Bibelot book chain to close

Area stores to lay off about 100, shut doors within three months

March 11, 2001|By Lorraine Mirabella and Laura Vozzella | Lorraine Mirabella and Laura Vozzella,SUN STAFF

Bibelot, the homegrown bookstore chain that became a neighborhood hangout and forum for local authors, is shutting its doors nearly six years after it emerged on a retail scene dominated by bigger national stores.

The Baltimore area's largest independent book and music seller filed for Chapter 11 bankruptcy protection Friday in Baltimore. It plans to close its four stores and lay off an estimated 100 employees within three months.

"It's a real loss for the independent book-selling world," said Avin Mark Domnitz, chief executive officer of the American Booksellers Association in Tarrytown, N.Y. "They were really kind of a beacon that the world of independents was not synonymous with small, that independents come in all sizes and all specialties."

Bibelot, known for showcasing Maryland authors and luring shoppers with entertainment, comfortable lounges and Donna's restaurants, had expanded even as dominant chains Barnes & Noble and Borders Group Inc. forced hundreds of independent chains out of business.

But Bibelot, which opened its first book and music store in April 1995 in the Woodholme Shopping Center in Pikesville, has struggled financially recently. In May, Bibelot defaulted on a $17 million loan from Bank of America. After defaulting, Bibelot worked unsuccessfully with the bank for several months to find a buyer, said Bibelot's attorney, Joel I. Sher of Shapiro, Sher & Guinot.

The company, which filed under the corporate name Bloomsbury Group, has assets of $10 million to $15 million and debts of $15 million to $18 million, Sher said.

Bibelot had become one of the nation's most prominent independent booksellers, ranking in the top 25 in size, Domnitz said.

"It was an extraordinary organization with great leadership, and I'm taken aback right now," he said.

Brian D. Weese, co-owner with his wife, Elizabeth, would not comment on the closing, which he announced to employees late Friday. But Sher blamed industry trends and poor sales at Bibelot's two city locations.

"Right now, Crown Books is going out of business. The bigger ones have had slumping sales. So it's an industrywide problem," he said. "I also think the stores in the suburbs did fabulously -- Pikesville and Timonium. Unfortunately, the same can't be said for the stores in Canton and Cross Keys."

Bibelot had filled a niche in the area by promoting readings of national and local authors.

"It's shocking that Bibelot is closing and frightening to think how hard it is for independent booksellers," said Elizabeth Spires, a Baltimore author and resident who has written eight books. "Bibelot has been a wonderful bookstore to Baltimore and Maryland authors. They've taken a real interest in both having a wonderful stock of books, but also knowing and encouraging the authors who live in Maryland.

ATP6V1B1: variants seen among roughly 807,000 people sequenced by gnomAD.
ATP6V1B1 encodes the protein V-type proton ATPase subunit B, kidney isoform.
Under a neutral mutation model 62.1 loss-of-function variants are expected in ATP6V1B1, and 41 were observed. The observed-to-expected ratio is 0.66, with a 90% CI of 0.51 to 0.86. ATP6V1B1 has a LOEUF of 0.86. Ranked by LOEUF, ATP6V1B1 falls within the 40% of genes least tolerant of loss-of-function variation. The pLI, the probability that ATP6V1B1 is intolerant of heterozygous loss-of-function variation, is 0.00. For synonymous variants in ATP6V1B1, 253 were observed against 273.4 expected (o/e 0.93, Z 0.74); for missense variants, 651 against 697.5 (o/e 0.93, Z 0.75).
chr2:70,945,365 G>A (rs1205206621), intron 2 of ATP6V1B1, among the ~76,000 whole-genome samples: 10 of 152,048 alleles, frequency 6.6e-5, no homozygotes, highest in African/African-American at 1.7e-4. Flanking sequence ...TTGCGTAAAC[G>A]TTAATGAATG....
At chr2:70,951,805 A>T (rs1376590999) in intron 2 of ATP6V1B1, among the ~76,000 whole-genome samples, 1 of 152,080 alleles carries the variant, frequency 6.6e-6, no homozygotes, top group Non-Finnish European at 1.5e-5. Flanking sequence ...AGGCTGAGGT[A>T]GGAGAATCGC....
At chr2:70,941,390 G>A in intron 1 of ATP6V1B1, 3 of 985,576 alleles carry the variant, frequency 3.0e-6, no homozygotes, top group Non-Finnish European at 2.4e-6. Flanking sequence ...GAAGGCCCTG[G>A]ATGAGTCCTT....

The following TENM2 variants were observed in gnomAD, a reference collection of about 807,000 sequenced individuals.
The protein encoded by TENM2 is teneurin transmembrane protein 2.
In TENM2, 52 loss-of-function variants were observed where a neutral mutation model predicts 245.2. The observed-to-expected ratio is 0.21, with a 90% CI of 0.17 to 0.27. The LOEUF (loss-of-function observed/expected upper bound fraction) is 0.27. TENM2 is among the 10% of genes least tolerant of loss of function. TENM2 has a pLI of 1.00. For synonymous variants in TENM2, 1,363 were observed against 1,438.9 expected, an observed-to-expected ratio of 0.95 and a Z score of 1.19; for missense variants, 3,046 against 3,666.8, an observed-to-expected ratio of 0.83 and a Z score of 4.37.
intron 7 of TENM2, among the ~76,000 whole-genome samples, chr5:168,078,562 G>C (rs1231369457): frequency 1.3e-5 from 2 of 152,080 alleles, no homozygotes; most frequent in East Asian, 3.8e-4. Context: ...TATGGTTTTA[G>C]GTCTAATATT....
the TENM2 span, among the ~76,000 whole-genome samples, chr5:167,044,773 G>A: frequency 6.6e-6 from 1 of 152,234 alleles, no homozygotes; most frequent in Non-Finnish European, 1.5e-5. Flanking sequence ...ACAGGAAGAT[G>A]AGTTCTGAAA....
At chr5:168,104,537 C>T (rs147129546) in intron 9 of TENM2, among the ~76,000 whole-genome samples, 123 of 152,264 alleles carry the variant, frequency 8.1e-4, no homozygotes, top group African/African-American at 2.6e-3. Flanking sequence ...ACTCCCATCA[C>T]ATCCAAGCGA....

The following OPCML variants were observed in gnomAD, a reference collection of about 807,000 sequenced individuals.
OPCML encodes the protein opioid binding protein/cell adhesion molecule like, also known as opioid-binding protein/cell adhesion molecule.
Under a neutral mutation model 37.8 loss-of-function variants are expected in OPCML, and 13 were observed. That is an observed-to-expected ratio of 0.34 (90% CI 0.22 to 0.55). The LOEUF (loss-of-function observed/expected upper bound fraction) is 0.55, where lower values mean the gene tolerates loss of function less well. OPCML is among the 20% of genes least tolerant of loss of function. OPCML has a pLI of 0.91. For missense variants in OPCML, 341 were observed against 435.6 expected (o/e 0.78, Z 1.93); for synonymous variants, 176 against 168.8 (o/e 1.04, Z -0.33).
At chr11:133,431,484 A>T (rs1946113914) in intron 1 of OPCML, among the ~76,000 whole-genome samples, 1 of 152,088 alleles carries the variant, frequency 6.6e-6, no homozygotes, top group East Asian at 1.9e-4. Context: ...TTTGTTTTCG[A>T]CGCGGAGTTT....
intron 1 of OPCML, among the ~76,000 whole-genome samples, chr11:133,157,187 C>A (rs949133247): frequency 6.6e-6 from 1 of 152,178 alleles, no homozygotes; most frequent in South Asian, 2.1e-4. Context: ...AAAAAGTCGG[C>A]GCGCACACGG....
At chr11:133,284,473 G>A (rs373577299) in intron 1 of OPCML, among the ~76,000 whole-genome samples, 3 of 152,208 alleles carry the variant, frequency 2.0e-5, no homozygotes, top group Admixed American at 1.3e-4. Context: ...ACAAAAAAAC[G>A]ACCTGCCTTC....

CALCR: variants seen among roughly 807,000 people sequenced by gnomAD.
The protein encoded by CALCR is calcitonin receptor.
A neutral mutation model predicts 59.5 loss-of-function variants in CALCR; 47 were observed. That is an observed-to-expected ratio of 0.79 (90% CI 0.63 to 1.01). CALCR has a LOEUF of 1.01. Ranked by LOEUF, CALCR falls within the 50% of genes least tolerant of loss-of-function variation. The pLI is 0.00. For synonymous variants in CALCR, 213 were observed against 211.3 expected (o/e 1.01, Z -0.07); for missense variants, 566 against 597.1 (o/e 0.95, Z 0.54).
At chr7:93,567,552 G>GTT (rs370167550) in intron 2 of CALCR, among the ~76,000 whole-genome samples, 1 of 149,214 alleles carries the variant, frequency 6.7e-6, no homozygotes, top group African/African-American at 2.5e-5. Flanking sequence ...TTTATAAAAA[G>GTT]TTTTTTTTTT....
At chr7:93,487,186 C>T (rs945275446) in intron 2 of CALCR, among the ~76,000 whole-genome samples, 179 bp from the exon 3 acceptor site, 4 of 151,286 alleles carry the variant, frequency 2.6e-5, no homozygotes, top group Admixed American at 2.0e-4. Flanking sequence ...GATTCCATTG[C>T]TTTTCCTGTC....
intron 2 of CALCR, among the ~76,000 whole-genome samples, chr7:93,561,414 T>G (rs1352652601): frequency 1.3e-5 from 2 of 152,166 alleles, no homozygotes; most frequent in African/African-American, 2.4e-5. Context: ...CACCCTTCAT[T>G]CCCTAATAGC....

"I really don't think it's enough for a city to have national chains," she said.

Donna's, which leases space in all four Bibelots, hopes to keep its restaurants open and is negotiating with the landlords to stay, said Alan Hirsch, business manager and co-owner with Donna Crivello. If another compatible business takes the lease, Hirsch said Donna's would consider trying to combine the two uses.

"It's very sad," Hirsch said of the Bibelot closings. "They were great stores, and there was a great community feel. There was a great synergy between Bibelot and Donna's. I'm sorry to see it didn't work. It was a big part of our growth."

The Internet and book superstore rivals with deep pockets have made times tough for independent booksellers. But Domnitz warned against reading too much into Bibelot's demise.

"Symbolically, certainly it's not good, but I don't think you can make conclusions about the whole [industry]," he said. "Independents from all over the country, the ones who have survived the onslaught of the chains and the superstores, in many places are doing well."

Bibelot closed its Bel Air store, which performed poorly, in 1998, but continued to expand. The company opened stores in the restored American Can Co. in Canton and another in Cross Keys, also in the city, and had planned further expansion, including an addition at the Mall in Columbia.

Bibelot's Canton store was bustling early yesterday afternoon, with customers leafing through books and lounging over coffee and pastries. But customers formed a line only at one cash register -- the one in the cafe.

A sales clerk who declined to give her name said the store succeeded as a hangout but had more trouble persuading people to pay for books and magazines they read for free in the store.

"That's great," she said of the crowds, "but you also have to buy."

Sun researcher Sheila Jackson contributed to this article.

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